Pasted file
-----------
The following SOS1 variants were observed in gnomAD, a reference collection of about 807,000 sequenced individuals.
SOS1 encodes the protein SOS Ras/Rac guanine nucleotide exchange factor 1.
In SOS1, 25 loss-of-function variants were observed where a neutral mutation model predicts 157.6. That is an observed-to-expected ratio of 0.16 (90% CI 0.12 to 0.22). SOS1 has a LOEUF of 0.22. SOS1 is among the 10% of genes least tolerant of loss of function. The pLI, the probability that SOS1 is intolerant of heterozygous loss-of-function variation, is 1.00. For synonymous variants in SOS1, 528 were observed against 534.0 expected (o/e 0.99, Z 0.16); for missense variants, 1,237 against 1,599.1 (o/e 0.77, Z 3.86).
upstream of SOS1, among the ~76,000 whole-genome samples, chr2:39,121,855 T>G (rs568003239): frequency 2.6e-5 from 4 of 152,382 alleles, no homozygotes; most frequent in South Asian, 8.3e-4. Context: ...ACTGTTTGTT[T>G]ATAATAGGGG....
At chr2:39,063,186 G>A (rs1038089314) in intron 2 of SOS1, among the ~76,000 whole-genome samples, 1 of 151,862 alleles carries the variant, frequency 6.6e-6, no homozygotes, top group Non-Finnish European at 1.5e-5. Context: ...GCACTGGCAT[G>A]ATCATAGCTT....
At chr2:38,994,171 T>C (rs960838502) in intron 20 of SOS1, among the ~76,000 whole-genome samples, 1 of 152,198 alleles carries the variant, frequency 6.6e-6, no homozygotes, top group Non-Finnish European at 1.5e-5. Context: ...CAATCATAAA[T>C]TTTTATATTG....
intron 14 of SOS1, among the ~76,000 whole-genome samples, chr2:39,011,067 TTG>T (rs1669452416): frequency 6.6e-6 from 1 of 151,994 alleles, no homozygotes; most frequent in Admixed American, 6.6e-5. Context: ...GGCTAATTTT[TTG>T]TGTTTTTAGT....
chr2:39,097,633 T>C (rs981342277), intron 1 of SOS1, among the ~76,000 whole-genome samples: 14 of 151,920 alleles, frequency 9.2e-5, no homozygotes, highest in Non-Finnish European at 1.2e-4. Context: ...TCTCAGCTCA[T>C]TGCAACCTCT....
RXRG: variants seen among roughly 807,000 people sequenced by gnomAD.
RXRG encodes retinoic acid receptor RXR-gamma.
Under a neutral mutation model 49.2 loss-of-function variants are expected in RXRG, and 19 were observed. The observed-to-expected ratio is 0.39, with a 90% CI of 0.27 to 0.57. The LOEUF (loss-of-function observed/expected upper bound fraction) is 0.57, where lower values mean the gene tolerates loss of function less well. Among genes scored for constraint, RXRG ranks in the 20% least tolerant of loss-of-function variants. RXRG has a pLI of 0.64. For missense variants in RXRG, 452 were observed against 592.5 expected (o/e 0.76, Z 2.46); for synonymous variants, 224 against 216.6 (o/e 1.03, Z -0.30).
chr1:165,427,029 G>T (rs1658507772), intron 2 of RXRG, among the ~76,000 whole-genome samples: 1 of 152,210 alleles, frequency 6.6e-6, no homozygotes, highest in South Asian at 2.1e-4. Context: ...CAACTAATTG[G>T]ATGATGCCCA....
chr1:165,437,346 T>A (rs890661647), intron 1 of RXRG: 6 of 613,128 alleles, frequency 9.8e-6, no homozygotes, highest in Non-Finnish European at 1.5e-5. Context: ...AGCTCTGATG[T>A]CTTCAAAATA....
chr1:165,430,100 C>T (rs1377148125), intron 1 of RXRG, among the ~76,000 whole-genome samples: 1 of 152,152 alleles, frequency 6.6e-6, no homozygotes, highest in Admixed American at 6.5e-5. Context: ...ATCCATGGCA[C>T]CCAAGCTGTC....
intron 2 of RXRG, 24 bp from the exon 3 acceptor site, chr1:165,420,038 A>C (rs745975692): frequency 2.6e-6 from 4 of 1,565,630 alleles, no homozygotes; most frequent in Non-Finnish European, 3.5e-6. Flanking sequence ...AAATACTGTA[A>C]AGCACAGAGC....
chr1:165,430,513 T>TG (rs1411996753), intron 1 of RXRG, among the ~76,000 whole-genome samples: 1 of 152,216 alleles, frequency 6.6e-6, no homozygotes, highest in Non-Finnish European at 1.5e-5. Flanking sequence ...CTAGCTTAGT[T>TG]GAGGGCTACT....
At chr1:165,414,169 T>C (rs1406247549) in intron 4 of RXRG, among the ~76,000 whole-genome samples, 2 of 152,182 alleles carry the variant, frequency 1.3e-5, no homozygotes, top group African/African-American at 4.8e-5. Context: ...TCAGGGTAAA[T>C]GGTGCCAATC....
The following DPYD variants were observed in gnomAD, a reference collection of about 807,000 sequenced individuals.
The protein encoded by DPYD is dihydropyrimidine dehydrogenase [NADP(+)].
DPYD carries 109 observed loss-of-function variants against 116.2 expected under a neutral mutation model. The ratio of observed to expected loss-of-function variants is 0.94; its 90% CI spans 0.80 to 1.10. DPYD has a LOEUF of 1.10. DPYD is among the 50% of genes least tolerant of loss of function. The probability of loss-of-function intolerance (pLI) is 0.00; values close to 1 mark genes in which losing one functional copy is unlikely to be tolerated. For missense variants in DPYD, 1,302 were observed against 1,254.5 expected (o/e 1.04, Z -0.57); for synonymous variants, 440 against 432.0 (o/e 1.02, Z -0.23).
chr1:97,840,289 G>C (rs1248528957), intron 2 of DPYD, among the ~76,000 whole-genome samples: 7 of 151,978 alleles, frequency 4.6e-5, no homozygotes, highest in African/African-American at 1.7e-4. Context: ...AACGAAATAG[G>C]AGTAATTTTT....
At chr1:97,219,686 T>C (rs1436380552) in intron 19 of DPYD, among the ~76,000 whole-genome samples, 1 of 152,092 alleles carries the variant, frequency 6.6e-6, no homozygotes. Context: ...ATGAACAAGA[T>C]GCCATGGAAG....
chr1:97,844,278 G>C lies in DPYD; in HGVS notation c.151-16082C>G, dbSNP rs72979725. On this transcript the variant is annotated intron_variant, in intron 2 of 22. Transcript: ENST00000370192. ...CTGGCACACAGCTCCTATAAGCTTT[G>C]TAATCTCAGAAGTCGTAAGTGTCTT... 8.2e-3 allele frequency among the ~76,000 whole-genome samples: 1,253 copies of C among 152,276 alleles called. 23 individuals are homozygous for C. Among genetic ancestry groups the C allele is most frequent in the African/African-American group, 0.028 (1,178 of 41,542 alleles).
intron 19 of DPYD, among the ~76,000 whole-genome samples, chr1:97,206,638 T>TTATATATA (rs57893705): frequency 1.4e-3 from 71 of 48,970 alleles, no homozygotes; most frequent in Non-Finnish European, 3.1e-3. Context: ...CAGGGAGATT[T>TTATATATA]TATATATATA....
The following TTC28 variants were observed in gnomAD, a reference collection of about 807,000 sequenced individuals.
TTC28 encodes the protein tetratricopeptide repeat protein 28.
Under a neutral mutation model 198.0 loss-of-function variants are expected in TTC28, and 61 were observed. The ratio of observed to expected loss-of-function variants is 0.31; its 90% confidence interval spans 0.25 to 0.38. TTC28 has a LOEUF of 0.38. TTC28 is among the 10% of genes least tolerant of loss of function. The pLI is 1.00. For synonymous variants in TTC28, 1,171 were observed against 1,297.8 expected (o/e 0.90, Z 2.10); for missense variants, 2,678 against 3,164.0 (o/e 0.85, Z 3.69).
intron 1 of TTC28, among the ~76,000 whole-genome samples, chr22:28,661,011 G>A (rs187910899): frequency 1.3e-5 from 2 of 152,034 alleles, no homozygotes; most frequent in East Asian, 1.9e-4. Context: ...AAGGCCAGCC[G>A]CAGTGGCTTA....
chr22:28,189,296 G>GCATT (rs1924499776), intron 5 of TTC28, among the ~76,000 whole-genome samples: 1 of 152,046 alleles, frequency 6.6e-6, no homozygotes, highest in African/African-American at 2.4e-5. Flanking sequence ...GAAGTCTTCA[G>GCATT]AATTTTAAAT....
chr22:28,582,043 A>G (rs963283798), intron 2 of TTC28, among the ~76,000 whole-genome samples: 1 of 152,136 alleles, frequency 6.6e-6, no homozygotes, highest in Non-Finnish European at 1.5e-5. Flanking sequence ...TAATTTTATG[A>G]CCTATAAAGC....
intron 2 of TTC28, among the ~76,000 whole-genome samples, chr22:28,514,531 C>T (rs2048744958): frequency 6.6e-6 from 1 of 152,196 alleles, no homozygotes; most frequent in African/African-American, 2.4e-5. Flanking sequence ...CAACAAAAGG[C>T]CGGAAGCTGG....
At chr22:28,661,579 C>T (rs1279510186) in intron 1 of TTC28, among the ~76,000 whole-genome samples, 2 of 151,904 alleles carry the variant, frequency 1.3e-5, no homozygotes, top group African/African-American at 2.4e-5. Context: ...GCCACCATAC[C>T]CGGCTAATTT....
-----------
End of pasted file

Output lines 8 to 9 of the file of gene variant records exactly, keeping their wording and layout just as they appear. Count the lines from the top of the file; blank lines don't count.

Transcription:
chr2:39,097,633 T>C (rs981342277), intron 1 of SOS1, among the ~76,000 whole-genome samples: 14 of 151,920 alleles, frequency 9.2e-5, no homozygotes, highest in Non-Finnish European at 1.2e-4. Context: ...TCTCAGCTCA[T>C]TGCAACCTCT....
RXRG: variants seen among roughly 807,000 people sequenced by gnomAD.